1. Apply it with a sponge roller. This will help it go on evenly and thinly which will, in turn, make the sanding job later MUCH easier.
  2. Do leave it to dry for a min of an hour between layers. This is because a new layer applied to a semi-dry layer, can pick up the old layer and you end up with nobby blobs, and nobody wants those.
  3. Wash your brush/roller out between EVERY application with ordinary cold tap water.
  4. It does have a mild aroma so you might like to open the window or door a crack. I’m sure it’s safe, being from Mod Podge but ya wanna be safe, right?

Anyhoo, I think that I had better stop waffling and show you what I made!

DIY Drinks Coaster Scan N Cut John Bloodworth Gentleman Crafter (2)

Actually, they look alright, don’t they? Bet after all that waffle you were expecting a total disaster. Lol.

‘Ere, fancy a look at my shiny bits now?

DIY Drinks Coaster Scan N Cut John Bloodworth Gentleman Crafter (3)
DIY Drinks Coaster Scan N Cut John Bloodworth Gentleman Crafter (4)

So, I didn’t spend as much time as I think I needed with the sandpaper and before that, I wasn’t really being careful with the brush so, it’s a little ‘pitty’ but that’s totes my fault.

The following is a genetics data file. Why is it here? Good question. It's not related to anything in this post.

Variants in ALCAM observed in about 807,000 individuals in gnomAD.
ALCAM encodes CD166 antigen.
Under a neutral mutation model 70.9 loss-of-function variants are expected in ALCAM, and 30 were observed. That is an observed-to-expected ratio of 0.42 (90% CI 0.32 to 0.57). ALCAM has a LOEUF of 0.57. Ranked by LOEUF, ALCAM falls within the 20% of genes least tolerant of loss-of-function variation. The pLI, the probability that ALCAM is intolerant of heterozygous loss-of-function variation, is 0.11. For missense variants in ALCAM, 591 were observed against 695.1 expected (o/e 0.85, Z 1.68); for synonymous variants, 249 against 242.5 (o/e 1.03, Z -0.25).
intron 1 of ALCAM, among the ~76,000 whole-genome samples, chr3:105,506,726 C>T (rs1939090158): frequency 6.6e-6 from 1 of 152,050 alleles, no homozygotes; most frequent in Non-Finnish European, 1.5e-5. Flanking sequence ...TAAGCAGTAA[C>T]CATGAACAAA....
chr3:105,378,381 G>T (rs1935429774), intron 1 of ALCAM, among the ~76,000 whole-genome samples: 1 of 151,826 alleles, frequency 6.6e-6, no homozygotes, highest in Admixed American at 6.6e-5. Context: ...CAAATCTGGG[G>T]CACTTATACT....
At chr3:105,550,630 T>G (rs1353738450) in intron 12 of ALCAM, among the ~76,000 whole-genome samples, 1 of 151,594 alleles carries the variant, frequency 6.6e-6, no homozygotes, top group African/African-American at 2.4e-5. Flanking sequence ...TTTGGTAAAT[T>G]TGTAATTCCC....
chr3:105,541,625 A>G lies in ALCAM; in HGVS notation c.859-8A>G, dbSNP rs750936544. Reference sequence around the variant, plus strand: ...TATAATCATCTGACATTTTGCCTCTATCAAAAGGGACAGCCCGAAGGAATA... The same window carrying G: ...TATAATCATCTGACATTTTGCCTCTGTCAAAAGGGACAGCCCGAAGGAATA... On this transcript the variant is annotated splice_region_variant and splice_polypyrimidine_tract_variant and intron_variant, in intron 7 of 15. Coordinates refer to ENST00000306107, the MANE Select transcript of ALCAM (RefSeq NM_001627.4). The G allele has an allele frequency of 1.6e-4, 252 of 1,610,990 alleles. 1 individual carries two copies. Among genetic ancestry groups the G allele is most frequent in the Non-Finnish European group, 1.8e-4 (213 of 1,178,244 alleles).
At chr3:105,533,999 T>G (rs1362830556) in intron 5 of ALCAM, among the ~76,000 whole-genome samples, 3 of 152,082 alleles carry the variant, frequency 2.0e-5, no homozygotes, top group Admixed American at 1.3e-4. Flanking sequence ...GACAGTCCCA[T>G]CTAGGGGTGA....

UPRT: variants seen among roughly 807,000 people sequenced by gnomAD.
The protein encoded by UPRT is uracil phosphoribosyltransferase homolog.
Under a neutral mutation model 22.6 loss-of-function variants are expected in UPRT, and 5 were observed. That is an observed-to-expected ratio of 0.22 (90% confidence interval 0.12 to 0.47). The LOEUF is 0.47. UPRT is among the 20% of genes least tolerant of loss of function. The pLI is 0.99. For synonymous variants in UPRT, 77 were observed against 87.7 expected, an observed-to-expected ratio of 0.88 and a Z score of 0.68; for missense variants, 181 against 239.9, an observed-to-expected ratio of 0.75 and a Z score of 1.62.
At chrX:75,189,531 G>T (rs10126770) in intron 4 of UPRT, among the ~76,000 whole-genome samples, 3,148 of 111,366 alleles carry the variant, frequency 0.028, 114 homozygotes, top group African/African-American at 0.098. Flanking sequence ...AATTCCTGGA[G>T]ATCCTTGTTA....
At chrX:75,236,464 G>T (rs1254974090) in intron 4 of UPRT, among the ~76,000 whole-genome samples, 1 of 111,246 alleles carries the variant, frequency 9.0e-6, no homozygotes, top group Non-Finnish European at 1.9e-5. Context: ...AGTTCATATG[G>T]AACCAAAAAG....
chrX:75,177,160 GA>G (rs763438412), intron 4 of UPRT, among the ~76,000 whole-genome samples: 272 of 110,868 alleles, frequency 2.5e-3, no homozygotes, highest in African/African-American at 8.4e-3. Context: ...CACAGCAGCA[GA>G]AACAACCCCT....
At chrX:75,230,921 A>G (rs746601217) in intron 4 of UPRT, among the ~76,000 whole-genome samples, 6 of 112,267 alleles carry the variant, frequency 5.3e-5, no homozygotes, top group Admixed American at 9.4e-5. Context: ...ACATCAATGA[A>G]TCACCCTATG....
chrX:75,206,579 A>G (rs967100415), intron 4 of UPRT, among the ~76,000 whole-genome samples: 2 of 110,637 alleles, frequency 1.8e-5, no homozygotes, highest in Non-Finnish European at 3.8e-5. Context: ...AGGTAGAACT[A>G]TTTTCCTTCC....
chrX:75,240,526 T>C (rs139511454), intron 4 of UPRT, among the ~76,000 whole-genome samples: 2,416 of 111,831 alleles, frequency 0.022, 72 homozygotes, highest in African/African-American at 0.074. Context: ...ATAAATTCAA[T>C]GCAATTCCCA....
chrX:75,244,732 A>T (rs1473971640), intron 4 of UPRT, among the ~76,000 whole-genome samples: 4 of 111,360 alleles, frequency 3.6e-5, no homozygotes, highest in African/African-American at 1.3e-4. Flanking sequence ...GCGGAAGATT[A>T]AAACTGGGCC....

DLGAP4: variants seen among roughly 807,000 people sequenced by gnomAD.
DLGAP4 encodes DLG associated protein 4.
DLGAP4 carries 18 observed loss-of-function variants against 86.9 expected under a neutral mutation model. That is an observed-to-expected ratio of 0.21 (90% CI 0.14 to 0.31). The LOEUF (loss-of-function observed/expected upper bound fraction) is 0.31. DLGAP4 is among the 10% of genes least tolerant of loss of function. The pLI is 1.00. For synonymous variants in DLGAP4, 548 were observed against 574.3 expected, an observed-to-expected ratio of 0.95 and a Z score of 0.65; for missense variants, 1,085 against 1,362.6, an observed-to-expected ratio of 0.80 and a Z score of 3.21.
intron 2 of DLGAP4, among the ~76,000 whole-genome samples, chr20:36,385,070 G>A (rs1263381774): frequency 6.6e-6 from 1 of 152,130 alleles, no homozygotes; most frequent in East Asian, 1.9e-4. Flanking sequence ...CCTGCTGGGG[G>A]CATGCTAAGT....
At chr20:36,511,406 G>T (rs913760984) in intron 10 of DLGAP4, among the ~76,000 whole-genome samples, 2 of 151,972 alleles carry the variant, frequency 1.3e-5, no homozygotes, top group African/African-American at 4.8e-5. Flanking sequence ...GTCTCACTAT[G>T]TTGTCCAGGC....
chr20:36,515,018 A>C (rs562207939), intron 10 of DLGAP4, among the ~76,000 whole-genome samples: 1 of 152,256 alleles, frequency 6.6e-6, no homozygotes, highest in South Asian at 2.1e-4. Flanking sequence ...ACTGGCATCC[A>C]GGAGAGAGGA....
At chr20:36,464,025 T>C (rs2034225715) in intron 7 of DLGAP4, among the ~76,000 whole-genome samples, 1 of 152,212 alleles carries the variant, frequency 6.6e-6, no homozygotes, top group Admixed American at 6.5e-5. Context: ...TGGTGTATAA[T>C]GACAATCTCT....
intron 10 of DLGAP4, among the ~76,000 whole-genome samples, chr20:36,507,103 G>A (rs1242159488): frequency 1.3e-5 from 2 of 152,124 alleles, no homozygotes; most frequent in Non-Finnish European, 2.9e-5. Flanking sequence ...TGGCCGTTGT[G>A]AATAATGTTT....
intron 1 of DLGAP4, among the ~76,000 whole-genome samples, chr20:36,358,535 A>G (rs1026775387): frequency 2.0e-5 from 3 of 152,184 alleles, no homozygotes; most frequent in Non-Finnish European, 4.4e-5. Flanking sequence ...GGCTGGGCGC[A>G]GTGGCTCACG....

This one started with a lovely hand made paper and the colour was a more intense green. Not neon or anything, just more ‘saturated’. The mod podge took that away and left it looking almost translucent which I oddly ended up loving the most.

What about you?

Right, I think that that is enough waffle so what was the conclusion to the question from earlier?

Forgotten it? Good. Let’s all go and have tea and biscuits instead.

If you would like to see more from me in relation to the Brother Scan N Cut CM series of machines, please check out the following links: